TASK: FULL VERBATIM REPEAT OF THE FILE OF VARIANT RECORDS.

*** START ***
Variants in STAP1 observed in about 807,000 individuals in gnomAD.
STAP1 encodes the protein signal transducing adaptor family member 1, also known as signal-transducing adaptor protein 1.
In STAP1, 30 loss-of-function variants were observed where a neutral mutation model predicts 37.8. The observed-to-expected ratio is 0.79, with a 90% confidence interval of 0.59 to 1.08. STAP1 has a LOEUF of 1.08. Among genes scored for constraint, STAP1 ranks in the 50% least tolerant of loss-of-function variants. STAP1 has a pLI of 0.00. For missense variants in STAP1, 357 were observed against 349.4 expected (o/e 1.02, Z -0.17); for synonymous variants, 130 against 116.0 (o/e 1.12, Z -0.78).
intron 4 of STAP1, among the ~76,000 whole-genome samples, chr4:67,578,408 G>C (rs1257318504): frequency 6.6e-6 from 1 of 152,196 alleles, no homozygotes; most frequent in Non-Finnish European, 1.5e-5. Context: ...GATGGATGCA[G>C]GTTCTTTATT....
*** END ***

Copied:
Variants in STAP1 observed in about 807,000 individuals in gnomAD.
STAP1 encodes the protein signal transducing adaptor family member 1, also known as signal-transducing adaptor protein 1.
In STAP1, 30 loss-of-function variants were observed where a neutral mutation model predicts 37.8. The observed-to-expected ratio is 0.79, with a 90% confidence interval of 0.59 to 1.08. STAP1 has a LOEUF of 1.08. Among genes scored for constraint, STAP1 ranks in the 50% least tolerant of loss-of-function variants. STAP1 has a pLI of 0.00. For missense variants in STAP1, 357 were observed against 349.4 expected (o/e 1.02, Z -0.17); for synonymous variants, 130 against 116.0 (o/e 1.12, Z -0.78).
intron 4 of STAP1, among the ~76,000 whole-genome samples, chr4:67,578,408 G>C (rs1257318504): frequency 6.6e-6 from 1 of 152,196 alleles, no homozygotes; most frequent in Non-Finnish European, 1.5e-5. Context: ...GATGGATGCA[G>C]GTTCTTTATT....